Eq. 17



As mentioned earlier, the voltage gradient in the sections Γ and Γn+1 is negligible and there is no potential gradient in the y direction in the lower sections of ∂Γbi; the current contour Γai can be expressed in Equation 18.

Eq. 18



Therefore, the density of the local ion current in the y-direction on the electrode boundary is shown in Equation 19.

Eq. 19



The electrode and polymer properties are illustrated in [Table 2], respectively. Like all computer-aided engineering methods, this analysis follows the FEM. First of all, the two-dimensional model was designed with the characteristics mentioned in [Table 2]. Next step in finite element method is applying material properties; these properties are added from [Table 1] and 2.[34] In the third step, the model has meshed. Totally 48 elements were created.
Table 2: Properties of the polymer and platinum

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Then, the boundary conditions which were the whole physics, fixed edges, and applying voltage, exactly like the abovementioned equations, were applied. By using its result, which was the force per volume, in the deflection and stress equations, the von Mises stress and the deflection of the designed model had been calculated.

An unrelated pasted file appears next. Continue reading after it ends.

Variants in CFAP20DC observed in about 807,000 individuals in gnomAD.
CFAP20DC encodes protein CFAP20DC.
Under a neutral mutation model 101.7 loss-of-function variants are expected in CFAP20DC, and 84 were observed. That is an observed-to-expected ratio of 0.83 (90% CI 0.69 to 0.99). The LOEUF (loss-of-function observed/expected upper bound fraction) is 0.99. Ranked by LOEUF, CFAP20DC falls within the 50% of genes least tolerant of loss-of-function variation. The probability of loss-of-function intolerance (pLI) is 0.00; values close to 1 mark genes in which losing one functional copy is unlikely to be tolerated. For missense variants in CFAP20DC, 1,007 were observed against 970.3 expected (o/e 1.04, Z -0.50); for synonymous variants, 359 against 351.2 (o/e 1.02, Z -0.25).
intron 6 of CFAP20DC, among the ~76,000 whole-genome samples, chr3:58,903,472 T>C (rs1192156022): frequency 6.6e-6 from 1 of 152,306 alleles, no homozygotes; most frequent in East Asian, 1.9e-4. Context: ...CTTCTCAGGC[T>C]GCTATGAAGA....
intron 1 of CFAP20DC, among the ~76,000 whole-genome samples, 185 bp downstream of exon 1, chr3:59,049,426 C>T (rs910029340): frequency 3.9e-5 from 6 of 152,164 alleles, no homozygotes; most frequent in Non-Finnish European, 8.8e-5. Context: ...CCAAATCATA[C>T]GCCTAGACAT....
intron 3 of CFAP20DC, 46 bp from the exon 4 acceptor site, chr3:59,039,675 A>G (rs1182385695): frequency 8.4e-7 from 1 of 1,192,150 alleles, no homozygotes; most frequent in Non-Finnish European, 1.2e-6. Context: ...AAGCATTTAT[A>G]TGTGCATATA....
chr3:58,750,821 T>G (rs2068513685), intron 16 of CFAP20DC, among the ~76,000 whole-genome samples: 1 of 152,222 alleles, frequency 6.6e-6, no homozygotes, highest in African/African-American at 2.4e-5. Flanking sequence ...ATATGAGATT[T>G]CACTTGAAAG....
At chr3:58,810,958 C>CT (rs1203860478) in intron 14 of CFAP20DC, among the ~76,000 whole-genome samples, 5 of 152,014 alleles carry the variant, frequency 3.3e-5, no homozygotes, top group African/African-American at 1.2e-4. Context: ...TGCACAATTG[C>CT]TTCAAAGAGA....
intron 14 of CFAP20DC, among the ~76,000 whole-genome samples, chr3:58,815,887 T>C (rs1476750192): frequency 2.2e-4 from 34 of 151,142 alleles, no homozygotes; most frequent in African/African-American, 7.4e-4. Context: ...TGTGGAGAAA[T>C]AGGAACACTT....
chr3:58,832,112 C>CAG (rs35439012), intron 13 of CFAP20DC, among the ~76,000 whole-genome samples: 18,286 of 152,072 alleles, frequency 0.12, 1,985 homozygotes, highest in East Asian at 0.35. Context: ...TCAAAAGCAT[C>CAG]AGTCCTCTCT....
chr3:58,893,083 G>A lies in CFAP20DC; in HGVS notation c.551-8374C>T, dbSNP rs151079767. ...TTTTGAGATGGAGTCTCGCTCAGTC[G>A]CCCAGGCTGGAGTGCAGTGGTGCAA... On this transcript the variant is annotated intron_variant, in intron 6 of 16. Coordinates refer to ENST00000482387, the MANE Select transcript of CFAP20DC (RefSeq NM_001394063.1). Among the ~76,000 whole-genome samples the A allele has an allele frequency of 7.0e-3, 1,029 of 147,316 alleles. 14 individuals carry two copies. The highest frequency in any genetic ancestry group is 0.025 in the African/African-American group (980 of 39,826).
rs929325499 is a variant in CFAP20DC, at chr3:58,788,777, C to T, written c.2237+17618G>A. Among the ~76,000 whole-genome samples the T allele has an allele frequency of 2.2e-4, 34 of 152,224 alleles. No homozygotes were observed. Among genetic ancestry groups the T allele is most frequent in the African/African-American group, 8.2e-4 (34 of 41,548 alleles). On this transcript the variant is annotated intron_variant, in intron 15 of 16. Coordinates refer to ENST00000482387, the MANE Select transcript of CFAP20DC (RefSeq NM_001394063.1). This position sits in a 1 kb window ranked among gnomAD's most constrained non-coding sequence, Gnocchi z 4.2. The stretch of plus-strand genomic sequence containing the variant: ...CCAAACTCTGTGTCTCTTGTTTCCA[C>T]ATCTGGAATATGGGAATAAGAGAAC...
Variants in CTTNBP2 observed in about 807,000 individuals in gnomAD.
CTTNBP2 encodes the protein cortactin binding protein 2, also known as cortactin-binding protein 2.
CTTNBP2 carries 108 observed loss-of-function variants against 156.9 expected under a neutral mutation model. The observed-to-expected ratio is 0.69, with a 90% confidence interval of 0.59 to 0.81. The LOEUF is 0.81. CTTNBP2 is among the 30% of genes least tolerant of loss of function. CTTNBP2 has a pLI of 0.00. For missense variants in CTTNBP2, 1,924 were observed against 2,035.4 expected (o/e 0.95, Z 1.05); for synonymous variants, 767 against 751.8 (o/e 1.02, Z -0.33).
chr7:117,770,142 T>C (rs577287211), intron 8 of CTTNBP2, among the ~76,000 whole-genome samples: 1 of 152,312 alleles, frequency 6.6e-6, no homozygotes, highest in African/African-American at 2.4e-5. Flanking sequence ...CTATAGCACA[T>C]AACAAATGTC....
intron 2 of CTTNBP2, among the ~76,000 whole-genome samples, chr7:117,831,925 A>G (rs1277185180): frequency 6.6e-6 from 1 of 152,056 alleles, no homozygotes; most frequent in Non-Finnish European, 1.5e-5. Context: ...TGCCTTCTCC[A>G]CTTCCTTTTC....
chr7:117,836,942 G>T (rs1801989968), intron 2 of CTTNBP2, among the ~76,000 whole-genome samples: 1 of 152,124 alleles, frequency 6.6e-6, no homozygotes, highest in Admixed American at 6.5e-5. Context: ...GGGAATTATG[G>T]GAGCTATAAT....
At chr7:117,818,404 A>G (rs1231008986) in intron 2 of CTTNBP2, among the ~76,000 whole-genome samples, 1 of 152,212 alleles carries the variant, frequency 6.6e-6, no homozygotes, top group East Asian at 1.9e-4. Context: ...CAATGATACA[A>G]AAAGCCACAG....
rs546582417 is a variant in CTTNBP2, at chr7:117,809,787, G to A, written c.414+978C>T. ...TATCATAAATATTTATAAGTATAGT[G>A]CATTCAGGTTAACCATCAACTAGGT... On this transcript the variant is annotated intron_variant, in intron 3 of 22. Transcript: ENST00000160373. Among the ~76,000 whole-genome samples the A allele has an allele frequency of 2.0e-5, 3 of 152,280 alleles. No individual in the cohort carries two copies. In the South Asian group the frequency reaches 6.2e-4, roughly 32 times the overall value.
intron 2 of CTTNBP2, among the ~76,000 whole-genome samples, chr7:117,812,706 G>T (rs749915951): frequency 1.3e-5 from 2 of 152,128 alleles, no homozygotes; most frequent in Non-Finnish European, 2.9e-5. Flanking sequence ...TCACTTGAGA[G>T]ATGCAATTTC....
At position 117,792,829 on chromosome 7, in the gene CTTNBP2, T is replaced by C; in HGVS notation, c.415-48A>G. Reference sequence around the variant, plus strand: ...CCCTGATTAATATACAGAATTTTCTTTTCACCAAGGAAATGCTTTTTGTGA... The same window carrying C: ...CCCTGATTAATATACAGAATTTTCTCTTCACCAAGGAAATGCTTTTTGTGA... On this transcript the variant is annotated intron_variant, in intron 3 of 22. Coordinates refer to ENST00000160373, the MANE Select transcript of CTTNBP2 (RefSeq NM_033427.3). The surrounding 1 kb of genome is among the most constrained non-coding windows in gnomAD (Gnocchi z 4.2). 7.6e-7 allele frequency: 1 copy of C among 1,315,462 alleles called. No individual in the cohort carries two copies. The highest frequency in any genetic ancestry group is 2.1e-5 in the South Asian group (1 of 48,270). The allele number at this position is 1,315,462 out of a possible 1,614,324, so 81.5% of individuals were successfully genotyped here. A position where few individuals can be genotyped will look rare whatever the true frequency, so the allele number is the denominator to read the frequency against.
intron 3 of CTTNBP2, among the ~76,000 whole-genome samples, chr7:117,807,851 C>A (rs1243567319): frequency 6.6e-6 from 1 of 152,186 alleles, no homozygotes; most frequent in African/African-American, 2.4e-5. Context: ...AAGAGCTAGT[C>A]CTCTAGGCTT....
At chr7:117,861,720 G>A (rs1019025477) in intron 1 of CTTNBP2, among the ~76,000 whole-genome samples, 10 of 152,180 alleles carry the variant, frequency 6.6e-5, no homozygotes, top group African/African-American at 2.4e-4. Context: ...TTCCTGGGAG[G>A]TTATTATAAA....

Creating mesh is vital in finite element method. after doing a mesh convergence, it is understood that 480 elements are the highest number that can lead the simulation to precise results [40],[41] After solving the model using FEM, the deflection of the membrane and its stress were calculated using the Timoshenko beam theory. This analysis was time dependent, and the voltage increased from 0 to 4.3V. [Figure 3] illustrates the deformation of membrane and its stress while applying 3.3V.